Hooray for Lacey, our November mentor of the month!
As one of our most dedicated mentors, we want to celebrate Lacey’s commitment and loyalty to LOOK and all our projects through this Mentor of the Month award.
From Braille Club to Music Forums, LOOKFest and of course mentoring, we appreciate and value the enormous amount of time and energy that Lacey consistently gives to our charity and the LOOK Family.
But we especially want to highlight her fantastic work on the mentoring project recently with her own mentee. Lacey’s reflective and thoughtful questions, combined with a gentle and reassuring nature make her an excellent example of an ideal mentor.
Lacey always works hard to take on feedback and to develop her own skills, which is illustrated in the wonderfully open and honest partnerships she grows with her mentees, and her ever growing confidence running the Music Forums. We are so thankful to have Lacey as part of our LOOK Mentoring team – she really is a Star!
“Hi, I’m Lacey and I’m from Hereford but also spend some time in Colchester too. I’ve studied Special Needs and Inclusion Studies at university and volunteer for a couple of charities supporting visually impaired people. Before I go further, I’d just like to say a serious thank you for my nomination, it is greatly appreciated and also an unexpected surprise.
I was introduced to LOOK by another LOOK mentor who filled a mentoring role for me when I first started university. One seemingly random day I received a message inviting me on a Wellbeing weekend that LOOK was running back in 2017, a weekend I went on and had a great time with great people. Then, in 2018 I trained to become a LOOK mentor and have been mentoring ever since.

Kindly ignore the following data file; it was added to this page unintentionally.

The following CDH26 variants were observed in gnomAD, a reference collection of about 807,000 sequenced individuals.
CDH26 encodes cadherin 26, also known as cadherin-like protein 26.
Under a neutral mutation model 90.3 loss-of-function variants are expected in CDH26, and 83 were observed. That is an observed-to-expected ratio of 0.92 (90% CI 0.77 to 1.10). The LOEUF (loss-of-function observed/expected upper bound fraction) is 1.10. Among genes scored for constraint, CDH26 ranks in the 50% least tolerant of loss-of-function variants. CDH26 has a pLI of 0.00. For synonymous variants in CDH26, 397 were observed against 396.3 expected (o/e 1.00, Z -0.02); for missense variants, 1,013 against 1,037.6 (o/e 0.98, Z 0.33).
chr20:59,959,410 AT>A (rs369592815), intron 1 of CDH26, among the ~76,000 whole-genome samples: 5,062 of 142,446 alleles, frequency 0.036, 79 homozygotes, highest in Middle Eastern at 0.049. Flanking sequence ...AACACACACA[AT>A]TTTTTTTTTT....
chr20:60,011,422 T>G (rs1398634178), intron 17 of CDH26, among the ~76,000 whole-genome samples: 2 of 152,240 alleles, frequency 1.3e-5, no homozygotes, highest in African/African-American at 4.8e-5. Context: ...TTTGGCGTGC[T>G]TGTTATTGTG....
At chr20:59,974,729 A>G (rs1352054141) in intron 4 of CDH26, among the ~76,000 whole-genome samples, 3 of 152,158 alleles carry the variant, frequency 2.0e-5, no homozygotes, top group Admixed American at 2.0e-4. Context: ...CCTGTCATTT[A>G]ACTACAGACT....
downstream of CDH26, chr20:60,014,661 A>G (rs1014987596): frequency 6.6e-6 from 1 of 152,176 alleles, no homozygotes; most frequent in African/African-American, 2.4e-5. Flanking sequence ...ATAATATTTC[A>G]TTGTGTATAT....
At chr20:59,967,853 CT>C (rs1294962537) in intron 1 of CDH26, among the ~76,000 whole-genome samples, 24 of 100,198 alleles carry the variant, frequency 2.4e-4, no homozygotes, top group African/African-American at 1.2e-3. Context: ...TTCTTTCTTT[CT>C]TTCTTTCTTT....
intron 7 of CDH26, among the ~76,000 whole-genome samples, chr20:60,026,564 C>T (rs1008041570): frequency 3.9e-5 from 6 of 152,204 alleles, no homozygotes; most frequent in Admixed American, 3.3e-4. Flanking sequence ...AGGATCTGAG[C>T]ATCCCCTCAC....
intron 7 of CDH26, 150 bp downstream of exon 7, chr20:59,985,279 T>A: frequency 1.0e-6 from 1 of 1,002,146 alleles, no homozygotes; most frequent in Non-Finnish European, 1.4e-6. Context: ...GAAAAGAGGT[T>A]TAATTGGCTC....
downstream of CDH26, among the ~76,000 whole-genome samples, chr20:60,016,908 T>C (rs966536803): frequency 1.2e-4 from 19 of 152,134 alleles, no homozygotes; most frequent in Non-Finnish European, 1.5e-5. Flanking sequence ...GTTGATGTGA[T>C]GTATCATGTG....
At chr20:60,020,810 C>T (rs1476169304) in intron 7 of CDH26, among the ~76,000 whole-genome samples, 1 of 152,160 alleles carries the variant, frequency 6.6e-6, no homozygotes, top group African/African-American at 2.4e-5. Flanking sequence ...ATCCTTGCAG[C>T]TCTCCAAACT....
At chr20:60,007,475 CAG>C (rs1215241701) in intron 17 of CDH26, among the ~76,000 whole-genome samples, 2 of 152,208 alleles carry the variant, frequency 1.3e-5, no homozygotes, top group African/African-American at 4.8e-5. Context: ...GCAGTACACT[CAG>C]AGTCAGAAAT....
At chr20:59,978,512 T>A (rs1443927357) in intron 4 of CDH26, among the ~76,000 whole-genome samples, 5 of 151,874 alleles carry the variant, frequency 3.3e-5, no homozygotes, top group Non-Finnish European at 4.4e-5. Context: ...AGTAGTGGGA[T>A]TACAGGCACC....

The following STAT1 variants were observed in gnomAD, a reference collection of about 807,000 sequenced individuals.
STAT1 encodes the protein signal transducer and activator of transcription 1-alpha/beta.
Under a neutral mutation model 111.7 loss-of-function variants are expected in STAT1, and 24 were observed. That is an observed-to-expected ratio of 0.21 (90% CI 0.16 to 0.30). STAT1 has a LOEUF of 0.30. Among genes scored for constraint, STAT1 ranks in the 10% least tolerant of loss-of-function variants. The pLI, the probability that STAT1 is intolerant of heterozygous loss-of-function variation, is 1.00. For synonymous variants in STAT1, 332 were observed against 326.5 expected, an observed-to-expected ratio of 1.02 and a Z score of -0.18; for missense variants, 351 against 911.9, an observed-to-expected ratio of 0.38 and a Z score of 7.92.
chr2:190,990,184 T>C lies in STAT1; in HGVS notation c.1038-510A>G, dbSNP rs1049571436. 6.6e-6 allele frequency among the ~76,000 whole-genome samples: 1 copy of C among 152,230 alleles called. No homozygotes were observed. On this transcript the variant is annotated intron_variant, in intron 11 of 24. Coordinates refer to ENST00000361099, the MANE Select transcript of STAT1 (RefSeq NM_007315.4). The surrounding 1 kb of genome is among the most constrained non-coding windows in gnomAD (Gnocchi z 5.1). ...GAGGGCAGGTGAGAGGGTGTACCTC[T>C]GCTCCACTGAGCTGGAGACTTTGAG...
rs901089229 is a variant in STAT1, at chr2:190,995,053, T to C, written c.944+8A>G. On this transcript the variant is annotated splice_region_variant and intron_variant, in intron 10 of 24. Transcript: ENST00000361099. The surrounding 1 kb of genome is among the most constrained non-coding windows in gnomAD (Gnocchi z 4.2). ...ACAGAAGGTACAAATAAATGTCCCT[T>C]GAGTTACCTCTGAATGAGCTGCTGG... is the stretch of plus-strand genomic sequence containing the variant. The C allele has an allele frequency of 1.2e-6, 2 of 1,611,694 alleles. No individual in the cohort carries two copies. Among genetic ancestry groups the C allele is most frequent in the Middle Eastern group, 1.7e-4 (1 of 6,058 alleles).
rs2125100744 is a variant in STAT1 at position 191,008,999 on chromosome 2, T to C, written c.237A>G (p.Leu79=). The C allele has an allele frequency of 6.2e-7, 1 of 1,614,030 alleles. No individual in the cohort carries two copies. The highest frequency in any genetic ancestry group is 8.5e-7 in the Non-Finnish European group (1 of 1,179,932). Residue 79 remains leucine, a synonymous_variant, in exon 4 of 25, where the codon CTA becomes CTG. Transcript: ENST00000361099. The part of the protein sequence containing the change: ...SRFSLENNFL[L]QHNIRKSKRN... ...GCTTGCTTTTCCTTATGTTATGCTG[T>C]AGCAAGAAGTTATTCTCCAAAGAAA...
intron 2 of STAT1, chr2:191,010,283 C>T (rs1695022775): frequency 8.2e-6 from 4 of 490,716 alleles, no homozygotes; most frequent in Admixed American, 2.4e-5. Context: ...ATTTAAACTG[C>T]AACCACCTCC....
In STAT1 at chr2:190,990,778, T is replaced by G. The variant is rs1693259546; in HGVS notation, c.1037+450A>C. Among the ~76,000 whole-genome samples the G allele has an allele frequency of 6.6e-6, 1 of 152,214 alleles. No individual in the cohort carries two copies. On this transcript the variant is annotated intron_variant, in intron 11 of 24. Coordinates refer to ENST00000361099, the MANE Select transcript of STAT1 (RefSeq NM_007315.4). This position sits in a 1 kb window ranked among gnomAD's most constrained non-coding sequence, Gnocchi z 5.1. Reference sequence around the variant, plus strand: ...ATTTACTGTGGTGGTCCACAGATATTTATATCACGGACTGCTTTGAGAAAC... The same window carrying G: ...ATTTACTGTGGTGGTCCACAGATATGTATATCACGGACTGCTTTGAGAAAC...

Growing up, I knew some visually impaired people but nobody in my day to day life that was older than me and until I went to specialist colleges, the thought of going to university or travelling around the country didn’t even occur to me.
So when I first heard about this project, I thought that it was a pretty unique idea which got me thinking about my time as a teenager because I knew that there would be young people out there who would have questions and thoughts that would be unique to them.
As I was just graduating from university at the time and was looking for what to be doing next, I thought that it was a good time to sign up to become a LOOK Mentor and see what happened. I also chose to become a mentor because I felt that I had the skills and experiences to offer those that were younger than myself, whilst also gaining skills and experiences of my own. As plenty of people have supported me in my life, I wished to give some of the support that I received back to someone else.
Being a mentor is being part of a very supportive community where there are opportunities to learn and grow. This time three years ago, I didn’t think that I’d be assisting in events during an epidemic or talking about Braille to groups of parents.
For anyone thinking about becoming a LOOK mentor or thinking of being a LOOK volunteer, it is definitely worth getting in touch with the LOOK staff as there are plenty of opportunities that are part of becoming a LOOK mentor, could lead up to becoming a mentor, or are independent of the mentoring project but are still just as important when supporting young visually impaired people.
One tip when mentoring is to really read/listen to what your mentee is saying and then take a moment of thought before responding. This gives you time to reflect on what the mentee is telling you. In this way, you have the chance to place yourself in their mind. Another tip is to approach the mentoring partnership with the possibility that advice-giving and motivation can be sent both ways, whether that’s advice on how to aim a camera or thinking about self confidence, you just don’t know until it happens.”